Author Topic: Southern New Hampshire Guidebook in the works  (Read 3592 times)

Offline alclimbup2

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Re: Southern New Hampshire Guidebook in the works
« Reply #15 on: January 05, 2010, 07:47:07 PM »
also deers leap (not your vt. cliff tradman) in pelham or windham NH, has a few restrictions but a few nice climbs, some right on the water

Offline Jack_Dorsey

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Re: Southern New Hampshire Guidebook in the works
« Reply #16 on: January 07, 2010, 09:23:06 PM »
This fall I went into the climbing area called "Durrell Mountain". To get there you take Durrell Mountain Road off of route 107 south of Laconia. As you drive in an easterly direction to the parking spot Durrell Mountain is on your right but not the climbing. The climbing area is on your left. It is on the south side of Whiteface Mountain.

If you follow the hiking trail that goes up Whiteface, the climbing areas will be on your right. This fall the entrances to the climbing areas were obvious. Equally obvious were the no trespassing signs at the start of the hiking trail. I bushwhacked around the marked area to meet the trail part way up the mountain. I've included a portion of the topo that I used to find my way in.

It would be good to get more information about the access issues and routes at this area. It was impressive.

Jack

Rocket J.

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Goffstown cliffs
« Reply #17 on: January 08, 2010, 02:06:15 PM »
Are the Goffstown cliffs in area #3 on this map?
http://www.snhpc.org/pdf/Goffstown%202004%20LRPP.pdf

I wonder because I grew up within easy walking distance of this steep area of rock.
There was a boulder up there with a frog painted on it by the Hippies (yes, this was the 70's) and it was called Tipping Rock.  (I think there is another Tipping Rock across town on one of the Uncanoonac moutains...).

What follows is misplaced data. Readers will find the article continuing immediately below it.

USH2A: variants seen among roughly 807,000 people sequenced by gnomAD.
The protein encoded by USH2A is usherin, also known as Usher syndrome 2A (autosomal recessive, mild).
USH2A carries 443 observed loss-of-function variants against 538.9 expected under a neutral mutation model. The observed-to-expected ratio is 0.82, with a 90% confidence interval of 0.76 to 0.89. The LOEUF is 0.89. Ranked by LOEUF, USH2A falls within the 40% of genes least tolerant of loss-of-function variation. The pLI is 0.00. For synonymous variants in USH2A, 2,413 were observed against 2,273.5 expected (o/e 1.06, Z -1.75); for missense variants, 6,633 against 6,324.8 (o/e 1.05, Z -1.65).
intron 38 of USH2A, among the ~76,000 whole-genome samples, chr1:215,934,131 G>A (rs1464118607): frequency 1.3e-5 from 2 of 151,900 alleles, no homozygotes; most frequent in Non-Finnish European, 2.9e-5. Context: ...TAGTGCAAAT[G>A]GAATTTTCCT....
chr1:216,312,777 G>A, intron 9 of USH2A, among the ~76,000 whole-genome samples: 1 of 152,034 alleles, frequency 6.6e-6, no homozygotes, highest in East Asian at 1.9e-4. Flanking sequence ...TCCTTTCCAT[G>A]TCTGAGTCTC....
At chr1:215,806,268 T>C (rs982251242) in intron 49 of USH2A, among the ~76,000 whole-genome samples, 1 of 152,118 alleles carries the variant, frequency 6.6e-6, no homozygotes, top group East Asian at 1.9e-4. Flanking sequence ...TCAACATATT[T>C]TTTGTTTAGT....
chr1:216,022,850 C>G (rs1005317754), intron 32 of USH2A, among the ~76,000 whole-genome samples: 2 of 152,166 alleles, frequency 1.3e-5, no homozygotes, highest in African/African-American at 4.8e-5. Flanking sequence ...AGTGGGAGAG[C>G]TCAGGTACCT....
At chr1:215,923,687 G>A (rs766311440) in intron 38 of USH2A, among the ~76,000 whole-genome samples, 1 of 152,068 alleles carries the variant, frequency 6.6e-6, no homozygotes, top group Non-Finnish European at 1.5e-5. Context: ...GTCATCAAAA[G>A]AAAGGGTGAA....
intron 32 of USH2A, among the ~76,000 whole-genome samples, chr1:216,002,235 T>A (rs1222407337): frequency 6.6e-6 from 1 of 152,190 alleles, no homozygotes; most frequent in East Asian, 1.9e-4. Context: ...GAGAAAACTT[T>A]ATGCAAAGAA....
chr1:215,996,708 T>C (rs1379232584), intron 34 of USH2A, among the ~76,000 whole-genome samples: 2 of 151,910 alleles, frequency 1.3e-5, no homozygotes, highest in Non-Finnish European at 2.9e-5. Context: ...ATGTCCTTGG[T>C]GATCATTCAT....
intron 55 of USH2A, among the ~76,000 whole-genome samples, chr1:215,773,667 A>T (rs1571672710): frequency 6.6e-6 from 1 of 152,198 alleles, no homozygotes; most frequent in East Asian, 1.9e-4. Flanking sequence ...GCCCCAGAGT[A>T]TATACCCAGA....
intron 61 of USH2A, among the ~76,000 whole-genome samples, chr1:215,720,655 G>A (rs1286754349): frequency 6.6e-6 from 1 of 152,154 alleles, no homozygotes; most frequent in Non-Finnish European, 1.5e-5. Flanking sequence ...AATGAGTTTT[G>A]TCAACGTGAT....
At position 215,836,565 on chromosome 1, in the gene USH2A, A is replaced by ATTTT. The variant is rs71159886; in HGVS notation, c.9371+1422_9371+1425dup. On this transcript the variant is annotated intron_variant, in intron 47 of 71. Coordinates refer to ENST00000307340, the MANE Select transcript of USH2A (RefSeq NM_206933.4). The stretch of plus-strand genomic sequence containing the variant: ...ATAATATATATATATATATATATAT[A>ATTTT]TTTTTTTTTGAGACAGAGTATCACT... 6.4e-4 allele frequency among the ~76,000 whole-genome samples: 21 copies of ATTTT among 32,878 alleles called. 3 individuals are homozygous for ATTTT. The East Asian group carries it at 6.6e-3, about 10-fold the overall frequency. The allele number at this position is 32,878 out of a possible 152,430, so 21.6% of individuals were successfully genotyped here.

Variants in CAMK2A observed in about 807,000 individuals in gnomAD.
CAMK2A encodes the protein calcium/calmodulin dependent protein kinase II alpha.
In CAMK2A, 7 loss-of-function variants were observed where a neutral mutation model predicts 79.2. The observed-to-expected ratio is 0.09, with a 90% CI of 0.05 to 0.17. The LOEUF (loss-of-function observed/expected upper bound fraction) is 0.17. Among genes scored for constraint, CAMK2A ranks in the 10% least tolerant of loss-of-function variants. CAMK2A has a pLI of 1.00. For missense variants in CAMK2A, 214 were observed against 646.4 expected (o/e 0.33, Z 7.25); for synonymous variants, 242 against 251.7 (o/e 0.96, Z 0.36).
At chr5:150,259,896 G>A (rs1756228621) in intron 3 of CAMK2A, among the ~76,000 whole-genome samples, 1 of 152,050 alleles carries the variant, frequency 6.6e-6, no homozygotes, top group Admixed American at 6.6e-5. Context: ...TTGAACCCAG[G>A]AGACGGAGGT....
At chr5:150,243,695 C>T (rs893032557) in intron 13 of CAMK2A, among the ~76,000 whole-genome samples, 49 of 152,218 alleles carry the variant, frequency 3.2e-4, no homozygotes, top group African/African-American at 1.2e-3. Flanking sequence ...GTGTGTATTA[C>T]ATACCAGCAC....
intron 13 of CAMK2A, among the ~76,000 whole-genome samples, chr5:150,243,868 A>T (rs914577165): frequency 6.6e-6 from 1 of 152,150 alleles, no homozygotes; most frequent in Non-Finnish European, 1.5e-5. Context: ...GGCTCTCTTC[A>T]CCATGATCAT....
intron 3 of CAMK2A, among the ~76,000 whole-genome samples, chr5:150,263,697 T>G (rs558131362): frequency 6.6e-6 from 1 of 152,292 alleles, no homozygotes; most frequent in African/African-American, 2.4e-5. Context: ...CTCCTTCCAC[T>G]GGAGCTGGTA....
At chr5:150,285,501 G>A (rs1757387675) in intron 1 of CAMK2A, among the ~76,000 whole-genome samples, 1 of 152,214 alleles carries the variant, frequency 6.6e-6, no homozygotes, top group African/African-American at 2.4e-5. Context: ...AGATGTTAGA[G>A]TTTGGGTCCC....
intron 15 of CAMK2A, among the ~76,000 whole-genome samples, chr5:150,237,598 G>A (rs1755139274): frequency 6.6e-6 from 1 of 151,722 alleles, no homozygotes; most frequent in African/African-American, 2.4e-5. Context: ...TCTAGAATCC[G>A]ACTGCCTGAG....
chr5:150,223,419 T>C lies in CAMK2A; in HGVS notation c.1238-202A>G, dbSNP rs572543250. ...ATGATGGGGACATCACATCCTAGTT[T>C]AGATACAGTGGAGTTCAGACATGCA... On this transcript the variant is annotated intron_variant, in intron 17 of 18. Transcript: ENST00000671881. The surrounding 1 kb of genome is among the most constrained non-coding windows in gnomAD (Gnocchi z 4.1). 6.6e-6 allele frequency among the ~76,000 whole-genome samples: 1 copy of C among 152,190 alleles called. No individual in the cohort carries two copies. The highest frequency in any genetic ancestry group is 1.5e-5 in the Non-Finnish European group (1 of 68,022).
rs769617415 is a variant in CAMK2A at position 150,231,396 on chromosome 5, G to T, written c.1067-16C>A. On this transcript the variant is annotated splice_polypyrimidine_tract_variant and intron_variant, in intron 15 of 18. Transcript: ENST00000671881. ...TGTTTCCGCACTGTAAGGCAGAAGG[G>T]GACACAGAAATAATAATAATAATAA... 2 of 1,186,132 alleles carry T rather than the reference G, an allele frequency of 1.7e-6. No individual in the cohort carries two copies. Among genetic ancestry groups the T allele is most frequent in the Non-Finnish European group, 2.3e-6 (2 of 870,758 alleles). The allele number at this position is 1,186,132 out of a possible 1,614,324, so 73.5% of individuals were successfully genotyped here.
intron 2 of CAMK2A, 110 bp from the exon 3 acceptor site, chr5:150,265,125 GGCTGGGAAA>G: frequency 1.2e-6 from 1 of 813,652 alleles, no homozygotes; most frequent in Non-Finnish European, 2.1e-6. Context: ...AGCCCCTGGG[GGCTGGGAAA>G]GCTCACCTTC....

We had some very nice glacial boulders in the woods of our back yard. 
Lots of fun, we had a cave formation suitable for stemming.
Of course, I did not know climbing was actually a SPORT  ::)








Offline alclimbup2

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Re: Goffstown Cliffs
« Reply #18 on: January 08, 2010, 05:52:36 PM »
Rocket J. : it took a while with wife's help looking at that map but no, section 3 not the small sport crag in goffstown/dunbarton, would be more to the right of section 16, the crag is in woods after open power line area that runs along tibbetts hill road
 
is that tipping rock 20 feet or higher?, might have to go see that, I live in Dunbarton, my wife grew up in Goffstown 
 

Rocket J.

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Re: Goffstown Cliffs
« Reply #19 on: January 09, 2010, 09:13:20 AM »

is that tipping rock 20 feet or higher?, might have to go see that, I live in Dunbarton, my wife grew up in Goffstown 
 

No, it is not, it is bigger than a small child but small enough so that a group of kids could with some effort send it down the ledge, although we did not!  I believe it used to belong to the Hambleton family, but then LaMontagne bought a chunk of property at the top of Summer St. where the bend is.  The access to the rock is now the driveway/private road (?) that extends to the LEFT at the top of Summer St.  I'm asuming that the pair of vicious dogs are long gone! Then the path winds to the right, there used to be a wide expanse of bull pasture there (with a bull, different story!!!) on the far end of that is the ledge with the rock.  It's likely the paint is faded, but who knows, someone might have kept up with it. 

The boulders in my former back yard which is between Summer St. and High St., however, are appx 20 feet tall, the size of small houses/cottages and good rock, the size of some of the boulders at Pawtuckaway, seems like the same type of rock too.

What decade does your wife claim?  I wonder if we knew each other.  I had many friends in Dunbarton growing up as well as some who lived over in the area behind the high school up on Wallace Road in the mountain area.

Besides the bouldering, there is decent cycling there too, I would cover 50 miles a day at least between New Boston, Parker Station, Weare, Grassmere, Dunbarton...I had a lot of energy to burn. 

Offline Admin Al

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Re: Goffstown Cliffs
« Reply #20 on: January 09, 2010, 10:25:29 AM »
I had a lot of energy to burn. 

love it... that was exactly the way I was as a kid. I used to ride my single speed Huffy from Jacksonville down to Jax Beach on the weekends. it must be 30 miles round trip. definitely burned off the energy for me. kids spend too much time in front of the TV these days.
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Offline strandman